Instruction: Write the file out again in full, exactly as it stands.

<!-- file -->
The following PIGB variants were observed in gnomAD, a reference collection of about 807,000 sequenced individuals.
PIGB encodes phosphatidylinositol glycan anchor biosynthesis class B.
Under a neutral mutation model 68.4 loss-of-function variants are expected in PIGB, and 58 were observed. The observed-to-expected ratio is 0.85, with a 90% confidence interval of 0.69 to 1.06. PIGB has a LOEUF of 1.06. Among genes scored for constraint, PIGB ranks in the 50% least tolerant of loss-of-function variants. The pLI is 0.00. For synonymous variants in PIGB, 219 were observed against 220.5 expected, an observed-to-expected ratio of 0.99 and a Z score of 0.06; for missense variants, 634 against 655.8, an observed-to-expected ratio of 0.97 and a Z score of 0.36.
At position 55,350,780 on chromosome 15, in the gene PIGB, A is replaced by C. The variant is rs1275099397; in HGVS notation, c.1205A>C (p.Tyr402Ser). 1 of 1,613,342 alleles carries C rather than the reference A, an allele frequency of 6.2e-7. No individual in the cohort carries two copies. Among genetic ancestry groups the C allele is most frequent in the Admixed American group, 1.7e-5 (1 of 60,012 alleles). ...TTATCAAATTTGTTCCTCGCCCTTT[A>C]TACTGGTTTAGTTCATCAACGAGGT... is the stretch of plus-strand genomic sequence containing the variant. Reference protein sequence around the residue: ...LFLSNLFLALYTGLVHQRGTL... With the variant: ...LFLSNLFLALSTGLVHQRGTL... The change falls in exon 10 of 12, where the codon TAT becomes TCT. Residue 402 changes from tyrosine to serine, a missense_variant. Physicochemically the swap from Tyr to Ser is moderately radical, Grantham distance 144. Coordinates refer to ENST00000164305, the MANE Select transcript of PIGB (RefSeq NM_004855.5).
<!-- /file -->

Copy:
The following PIGB variants were observed in gnomAD, a reference collection of about 807,000 sequenced individuals.
PIGB encodes phosphatidylinositol glycan anchor biosynthesis class B.
Under a neutral mutation model 68.4 loss-of-function variants are expected in PIGB, and 58 were observed. The observed-to-expected ratio is 0.85, with a 90% confidence interval of 0.69 to 1.06. PIGB has a LOEUF of 1.06. Among genes scored for constraint, PIGB ranks in the 50% least tolerant of loss-of-function variants. The pLI is 0.00. For synonymous variants in PIGB, 219 were observed against 220.5 expected, an observed-to-expected ratio of 0.99 and a Z score of 0.06; for missense variants, 634 against 655.8, an observed-to-expected ratio of 0.97 and a Z score of 0.36.
At position 55,350,780 on chromosome 15, in the gene PIGB, A is replaced by C. The variant is rs1275099397; in HGVS notation, c.1205A>C (p.Tyr402Ser). 1 of 1,613,342 alleles carries C rather than the reference A, an allele frequency of 6.2e-7. No individual in the cohort carries two copies. Among genetic ancestry groups the C allele is most frequent in the Admixed American group, 1.7e-5 (1 of 60,012 alleles). ...TTATCAAATTTGTTCCTCGCCCTTT[A>C]TACTGGTTTAGTTCATCAACGAGGT... is the stretch of plus-strand genomic sequence containing the variant. Reference protein sequence around the residue: ...LFLSNLFLALYTGLVHQRGTL... With the variant: ...LFLSNLFLALSTGLVHQRGTL... The change falls in exon 10 of 12, where the codon TAT becomes TCT. Residue 402 changes from tyrosine to serine, a missense_variant. Physicochemically the swap from Tyr to Ser is moderately radical, Grantham distance 144. Coordinates refer to ENST00000164305, the MANE Select transcript of PIGB (RefSeq NM_004855.5).